Masters Theses

Date of Award


Degree Type


Degree Name

Master of Arts



Major Professor

Joel Lubar

Committee Members

D. Baldwin, J. Malone


This pilot study utilized (Low Resolution Electromagnetic Tomographic Analysis (LORETA), a brain-imaging alternative to classical QEEG, to evaluate early stage Alzheimer (AD) participants (n = 6) and healthy similar-aged (Controls) participants (n = 8) during the Counting Stroop. The Counting Stroop is a validated analog to the ColorWord Stroop that provides an attentional challenge and is demonstrated to activate cortical structures in the motor speech areas and the anterior cingulate. Two tasks were recorded and subsequently subtracted: the neutral stimulus (NS) in which animal words were presented multiple times on a single slide and the incongruent stimulus (IS) in which a number word was presented multiple times on a single slide. The NS was subtracted from the IS to create difference maps. None of the within group T-tests that make up the group difference maps revealed statistically significant differences. However, several qualitative differences are evident between the two groups. The patterns of activation that differ between the AD and Control groups and description of trends that support cited literature references are worth reporting. Results include group relative power differences that clearly distinguish the two groups. Supporting the literature of relative power differences in eyes-closed baselines, the AD group produced greater relative power in the Delta, Theta and Alpha frequency bands while the Control group produced greater relative power in the Beta I and Beta 2 bands. Other qualitative differences include differential activation at the insula. MRI data suggests that early damage occurs at the parahippocampal gyrus and the entorhinal cortex. The most rostral aspects of these neural locations abut the insula. Finally, the differences in group activation in the temporal lobes supports a possible early diagnostic to apply to those who will eventually develop clinical Alzheimer's disease.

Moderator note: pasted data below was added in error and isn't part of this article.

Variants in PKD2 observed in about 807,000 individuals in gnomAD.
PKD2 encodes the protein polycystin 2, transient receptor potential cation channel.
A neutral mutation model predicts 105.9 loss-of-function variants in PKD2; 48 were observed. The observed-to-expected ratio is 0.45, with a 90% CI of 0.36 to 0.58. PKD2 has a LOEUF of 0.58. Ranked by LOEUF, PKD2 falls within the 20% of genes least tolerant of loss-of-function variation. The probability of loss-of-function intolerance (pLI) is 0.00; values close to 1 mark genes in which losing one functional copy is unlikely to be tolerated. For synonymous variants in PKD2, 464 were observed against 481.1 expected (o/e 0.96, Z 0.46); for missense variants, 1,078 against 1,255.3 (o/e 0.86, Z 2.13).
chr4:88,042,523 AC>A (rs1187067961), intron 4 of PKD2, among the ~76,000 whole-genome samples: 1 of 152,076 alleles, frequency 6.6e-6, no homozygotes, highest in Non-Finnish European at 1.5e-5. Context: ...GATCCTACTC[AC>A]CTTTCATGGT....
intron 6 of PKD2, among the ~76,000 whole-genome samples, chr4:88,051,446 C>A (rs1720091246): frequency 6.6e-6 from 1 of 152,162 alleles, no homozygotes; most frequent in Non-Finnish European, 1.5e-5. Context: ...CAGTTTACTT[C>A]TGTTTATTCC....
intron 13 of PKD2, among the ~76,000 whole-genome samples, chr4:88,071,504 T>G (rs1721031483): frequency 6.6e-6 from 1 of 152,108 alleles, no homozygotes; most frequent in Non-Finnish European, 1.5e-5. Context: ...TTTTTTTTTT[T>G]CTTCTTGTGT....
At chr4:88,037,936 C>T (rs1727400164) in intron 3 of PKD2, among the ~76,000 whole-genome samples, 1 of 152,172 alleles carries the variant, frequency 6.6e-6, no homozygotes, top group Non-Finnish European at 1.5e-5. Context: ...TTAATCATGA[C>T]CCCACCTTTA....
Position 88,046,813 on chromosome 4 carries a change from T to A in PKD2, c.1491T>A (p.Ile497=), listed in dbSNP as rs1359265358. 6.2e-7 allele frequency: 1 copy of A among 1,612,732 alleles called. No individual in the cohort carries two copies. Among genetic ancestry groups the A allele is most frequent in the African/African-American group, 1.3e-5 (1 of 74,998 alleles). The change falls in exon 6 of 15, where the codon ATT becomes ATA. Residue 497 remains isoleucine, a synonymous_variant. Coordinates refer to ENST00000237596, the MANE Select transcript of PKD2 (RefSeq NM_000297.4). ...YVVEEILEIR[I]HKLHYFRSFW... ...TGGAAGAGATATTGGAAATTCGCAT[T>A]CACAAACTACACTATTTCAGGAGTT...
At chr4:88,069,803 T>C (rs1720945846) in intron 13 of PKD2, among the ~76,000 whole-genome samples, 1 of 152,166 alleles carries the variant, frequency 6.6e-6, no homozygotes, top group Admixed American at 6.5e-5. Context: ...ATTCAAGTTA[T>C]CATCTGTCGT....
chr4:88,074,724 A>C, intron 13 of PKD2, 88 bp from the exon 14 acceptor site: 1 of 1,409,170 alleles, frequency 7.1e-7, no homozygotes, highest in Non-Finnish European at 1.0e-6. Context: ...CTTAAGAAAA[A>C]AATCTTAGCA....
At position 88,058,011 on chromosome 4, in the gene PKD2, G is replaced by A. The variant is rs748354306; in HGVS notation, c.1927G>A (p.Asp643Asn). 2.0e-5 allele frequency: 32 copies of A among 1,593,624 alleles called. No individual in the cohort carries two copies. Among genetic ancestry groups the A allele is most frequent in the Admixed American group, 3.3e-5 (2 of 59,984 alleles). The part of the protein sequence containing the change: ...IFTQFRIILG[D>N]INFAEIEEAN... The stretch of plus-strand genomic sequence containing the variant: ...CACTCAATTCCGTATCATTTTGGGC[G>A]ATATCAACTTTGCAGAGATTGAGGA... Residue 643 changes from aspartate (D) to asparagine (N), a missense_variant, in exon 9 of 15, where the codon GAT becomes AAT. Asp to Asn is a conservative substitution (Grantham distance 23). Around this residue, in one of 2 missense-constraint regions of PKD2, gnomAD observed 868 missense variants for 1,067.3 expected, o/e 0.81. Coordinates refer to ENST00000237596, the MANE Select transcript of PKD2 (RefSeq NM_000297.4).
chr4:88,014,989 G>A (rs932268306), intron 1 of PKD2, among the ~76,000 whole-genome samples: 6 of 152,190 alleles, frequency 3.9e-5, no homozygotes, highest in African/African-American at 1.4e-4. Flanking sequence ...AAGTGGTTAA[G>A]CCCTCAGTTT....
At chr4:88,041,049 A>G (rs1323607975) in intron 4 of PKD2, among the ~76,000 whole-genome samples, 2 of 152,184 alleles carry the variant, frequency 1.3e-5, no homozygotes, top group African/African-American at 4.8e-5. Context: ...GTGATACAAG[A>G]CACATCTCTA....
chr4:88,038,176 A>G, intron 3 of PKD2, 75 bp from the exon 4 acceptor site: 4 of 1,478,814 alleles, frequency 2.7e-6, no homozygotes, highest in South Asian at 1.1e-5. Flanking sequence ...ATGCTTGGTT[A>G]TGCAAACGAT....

Files over 3MB may be slow to open. For best results, right-click and select "save as..."